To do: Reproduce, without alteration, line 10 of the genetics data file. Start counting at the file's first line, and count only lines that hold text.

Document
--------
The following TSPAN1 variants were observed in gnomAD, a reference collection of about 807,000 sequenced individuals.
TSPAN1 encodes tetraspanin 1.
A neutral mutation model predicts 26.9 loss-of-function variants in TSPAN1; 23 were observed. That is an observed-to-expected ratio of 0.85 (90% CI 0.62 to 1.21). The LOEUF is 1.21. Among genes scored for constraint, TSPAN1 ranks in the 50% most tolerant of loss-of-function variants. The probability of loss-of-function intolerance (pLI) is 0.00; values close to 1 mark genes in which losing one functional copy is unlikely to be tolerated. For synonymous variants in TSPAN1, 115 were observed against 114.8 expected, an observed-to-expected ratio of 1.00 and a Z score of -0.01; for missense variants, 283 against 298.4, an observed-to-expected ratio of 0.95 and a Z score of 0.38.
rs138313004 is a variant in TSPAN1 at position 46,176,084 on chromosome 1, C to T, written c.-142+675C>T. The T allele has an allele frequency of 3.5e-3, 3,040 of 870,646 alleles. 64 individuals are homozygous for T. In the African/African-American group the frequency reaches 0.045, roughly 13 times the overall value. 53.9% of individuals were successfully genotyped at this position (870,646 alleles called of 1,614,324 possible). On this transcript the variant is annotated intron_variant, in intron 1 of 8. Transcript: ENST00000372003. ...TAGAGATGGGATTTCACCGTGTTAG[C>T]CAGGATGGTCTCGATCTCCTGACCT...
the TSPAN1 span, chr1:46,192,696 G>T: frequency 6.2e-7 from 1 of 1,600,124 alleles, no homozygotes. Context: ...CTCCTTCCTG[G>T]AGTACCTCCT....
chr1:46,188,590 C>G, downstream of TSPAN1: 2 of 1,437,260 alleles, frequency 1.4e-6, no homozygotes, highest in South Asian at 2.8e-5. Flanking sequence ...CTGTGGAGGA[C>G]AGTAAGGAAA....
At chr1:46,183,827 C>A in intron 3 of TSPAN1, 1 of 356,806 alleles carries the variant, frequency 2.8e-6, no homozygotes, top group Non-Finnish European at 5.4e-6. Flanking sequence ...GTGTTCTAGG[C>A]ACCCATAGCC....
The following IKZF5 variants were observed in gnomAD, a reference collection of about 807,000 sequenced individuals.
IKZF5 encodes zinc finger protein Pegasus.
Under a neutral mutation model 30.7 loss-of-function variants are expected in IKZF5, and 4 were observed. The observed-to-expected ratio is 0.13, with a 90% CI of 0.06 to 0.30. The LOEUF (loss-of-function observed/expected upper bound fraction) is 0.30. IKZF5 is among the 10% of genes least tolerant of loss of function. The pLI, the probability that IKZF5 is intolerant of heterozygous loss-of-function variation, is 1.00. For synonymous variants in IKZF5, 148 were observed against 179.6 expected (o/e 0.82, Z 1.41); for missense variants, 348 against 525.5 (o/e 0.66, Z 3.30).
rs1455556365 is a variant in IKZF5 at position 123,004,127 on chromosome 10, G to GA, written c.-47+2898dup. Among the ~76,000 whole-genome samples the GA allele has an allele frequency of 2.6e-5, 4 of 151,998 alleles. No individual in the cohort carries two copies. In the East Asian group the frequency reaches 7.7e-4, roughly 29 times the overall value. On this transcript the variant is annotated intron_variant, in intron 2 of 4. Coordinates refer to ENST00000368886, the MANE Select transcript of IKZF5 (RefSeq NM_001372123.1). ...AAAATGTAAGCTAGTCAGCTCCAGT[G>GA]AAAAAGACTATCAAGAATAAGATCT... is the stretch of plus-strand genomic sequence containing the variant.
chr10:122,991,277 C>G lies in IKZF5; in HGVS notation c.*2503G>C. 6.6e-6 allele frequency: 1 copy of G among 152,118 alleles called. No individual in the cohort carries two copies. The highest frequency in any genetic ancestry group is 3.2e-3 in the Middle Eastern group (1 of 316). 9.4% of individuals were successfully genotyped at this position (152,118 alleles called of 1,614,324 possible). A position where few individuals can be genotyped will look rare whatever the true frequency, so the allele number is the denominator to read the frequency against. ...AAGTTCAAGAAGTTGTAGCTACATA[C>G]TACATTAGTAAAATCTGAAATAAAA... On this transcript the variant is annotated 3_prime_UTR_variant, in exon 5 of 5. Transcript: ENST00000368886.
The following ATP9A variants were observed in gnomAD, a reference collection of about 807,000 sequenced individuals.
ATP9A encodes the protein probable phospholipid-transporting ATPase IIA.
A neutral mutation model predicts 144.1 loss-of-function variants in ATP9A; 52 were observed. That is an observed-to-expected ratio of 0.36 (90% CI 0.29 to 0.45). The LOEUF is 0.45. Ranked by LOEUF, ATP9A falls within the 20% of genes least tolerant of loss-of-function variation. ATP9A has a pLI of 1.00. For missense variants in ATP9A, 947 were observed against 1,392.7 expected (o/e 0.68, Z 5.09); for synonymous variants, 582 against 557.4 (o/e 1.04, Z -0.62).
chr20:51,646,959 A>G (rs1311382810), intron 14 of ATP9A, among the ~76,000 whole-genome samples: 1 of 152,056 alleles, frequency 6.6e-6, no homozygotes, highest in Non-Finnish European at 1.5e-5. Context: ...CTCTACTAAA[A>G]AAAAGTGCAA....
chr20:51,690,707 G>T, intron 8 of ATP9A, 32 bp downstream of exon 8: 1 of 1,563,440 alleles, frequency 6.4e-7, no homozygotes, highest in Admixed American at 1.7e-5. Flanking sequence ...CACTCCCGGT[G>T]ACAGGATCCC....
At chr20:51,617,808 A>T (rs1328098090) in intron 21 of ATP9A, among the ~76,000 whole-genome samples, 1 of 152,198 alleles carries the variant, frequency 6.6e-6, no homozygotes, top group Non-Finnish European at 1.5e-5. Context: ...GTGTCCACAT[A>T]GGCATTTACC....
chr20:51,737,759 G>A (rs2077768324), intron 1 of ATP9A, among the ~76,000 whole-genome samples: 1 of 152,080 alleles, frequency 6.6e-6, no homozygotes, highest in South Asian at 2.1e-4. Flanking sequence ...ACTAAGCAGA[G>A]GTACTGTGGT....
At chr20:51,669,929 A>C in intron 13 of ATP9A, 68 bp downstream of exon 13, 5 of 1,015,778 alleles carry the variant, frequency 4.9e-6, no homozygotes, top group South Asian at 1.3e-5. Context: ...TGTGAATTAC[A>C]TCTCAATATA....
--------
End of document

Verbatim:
Under a neutral mutation model 30.7 loss-of-function variants are expected in IKZF5, and 4 were observed. The observed-to-expected ratio is 0.13, with a 90% CI of 0.06 to 0.30. The LOEUF (loss-of-function observed/expected upper bound fraction) is 0.30. IKZF5 is among the 10% of genes least tolerant of loss of function. The pLI, the probability that IKZF5 is intolerant of heterozygous loss-of-function variation, is 1.00. For synonymous variants in IKZF5, 148 were observed against 179.6 expected (o/e 0.82, Z 1.41); for missense variants, 348 against 525.5 (o/e 0.66, Z 3.30).